Appreciation is the sacrament.
Another class is finished…the autumn one entitled
“Facing the Future: Resources for a Rebirth of Wonder”
“Rebirth of wonder” comes from lines in a Lawrence Ferlinghetti poem—
“I am perpetually awaiting a rebirth of wonder”
I’m not “awaiting” …I’ve experienced rebirth over and over
From the gathering of friends on and beyond Wise Avenue…
Dianne Lee’s commitment to “Whenever we see or think your name, you exist”
Provokes a more ardent anamnesis
Bill Quick’s ever genial receptivity
Models how to be in a learning environment
Chris Wallach’s intimate connection to Dipa Ma
Shows the way for “concentration, lovingkindness and peace”
Sarah Burkemper’s Nerudean ode to the first cucumber of the summer season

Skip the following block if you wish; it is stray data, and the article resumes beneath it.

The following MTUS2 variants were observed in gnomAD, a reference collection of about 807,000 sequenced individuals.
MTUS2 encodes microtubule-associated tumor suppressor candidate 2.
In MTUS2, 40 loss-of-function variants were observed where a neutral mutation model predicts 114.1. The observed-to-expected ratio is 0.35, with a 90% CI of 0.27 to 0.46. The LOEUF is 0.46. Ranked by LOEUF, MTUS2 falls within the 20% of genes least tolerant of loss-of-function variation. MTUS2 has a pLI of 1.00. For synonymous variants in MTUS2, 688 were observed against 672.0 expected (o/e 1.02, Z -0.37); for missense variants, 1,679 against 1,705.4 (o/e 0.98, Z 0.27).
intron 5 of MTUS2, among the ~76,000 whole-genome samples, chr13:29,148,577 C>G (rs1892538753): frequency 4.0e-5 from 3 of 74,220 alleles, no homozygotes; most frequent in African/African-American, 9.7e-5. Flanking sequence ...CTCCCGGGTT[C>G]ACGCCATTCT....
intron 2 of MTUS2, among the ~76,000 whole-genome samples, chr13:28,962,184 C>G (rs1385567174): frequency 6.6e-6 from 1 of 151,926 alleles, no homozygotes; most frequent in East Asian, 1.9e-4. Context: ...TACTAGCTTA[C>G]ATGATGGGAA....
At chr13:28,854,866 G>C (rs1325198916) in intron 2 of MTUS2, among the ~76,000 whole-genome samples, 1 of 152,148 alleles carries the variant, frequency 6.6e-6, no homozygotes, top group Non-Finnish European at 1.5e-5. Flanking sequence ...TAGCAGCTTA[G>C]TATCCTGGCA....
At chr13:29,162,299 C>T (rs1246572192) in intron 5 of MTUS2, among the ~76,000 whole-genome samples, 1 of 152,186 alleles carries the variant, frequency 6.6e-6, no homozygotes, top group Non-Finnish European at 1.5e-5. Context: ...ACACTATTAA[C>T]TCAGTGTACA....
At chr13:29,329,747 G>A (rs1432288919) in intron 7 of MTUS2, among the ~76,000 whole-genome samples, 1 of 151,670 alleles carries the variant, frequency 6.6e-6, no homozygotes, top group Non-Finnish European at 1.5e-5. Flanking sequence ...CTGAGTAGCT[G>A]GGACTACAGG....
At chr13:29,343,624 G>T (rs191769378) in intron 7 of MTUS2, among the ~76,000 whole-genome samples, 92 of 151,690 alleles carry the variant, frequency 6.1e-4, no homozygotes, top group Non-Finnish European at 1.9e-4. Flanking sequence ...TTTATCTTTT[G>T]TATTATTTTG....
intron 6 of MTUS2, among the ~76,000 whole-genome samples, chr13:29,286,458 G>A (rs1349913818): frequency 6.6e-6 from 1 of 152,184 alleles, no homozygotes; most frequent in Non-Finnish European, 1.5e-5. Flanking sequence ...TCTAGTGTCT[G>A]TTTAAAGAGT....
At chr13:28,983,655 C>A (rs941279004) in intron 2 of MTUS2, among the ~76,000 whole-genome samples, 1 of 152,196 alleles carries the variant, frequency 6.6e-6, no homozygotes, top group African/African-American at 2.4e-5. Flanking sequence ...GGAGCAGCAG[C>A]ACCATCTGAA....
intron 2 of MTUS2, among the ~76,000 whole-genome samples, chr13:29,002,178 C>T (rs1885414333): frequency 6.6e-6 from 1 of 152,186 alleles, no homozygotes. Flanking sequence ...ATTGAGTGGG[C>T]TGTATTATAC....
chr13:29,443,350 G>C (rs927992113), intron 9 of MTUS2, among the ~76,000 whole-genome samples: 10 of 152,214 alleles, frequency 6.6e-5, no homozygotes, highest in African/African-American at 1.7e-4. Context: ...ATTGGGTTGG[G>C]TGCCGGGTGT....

Awakens my amazement at the ordinary Read the rest of this entry »
I spent the afternoon in Benton Park with exuberant Penny Smith who, last night, pulled out one of her notebooks, opened to a random page and found this advice she’d scribbled down during one of our tête-à-têtes at Northwest Coffee two plus years ago– “Don’t read books by Dostoevsky; read your own journal! — Mark Chmiel”
A couple years ago, Andrew Long suggested to one of his Barat Academy students that she read The Book of Mev. So she did. And through social media we got in touch. She just finished her first year at George Washington University, and it has been a delight to have visits and exchange correspondence with Liz Burkemper.
The Good News is … In 2016 Lindsey Trout Hughes took three on-line writing classes with me, and—to her surprise and my delight— embraced her poetic vocation. She has graced me with epic emails, and scintillating postcards, notes, and texts. And most recently, she has shared a full draft of a play (she’s an actor by trade). What to do in these nefarious times? Give birth. Thus practiceth Lindsey.
Tyler Caffall and Lindsey Trout Hughes, Bonneville Theater Company, NYC, 11.8.2016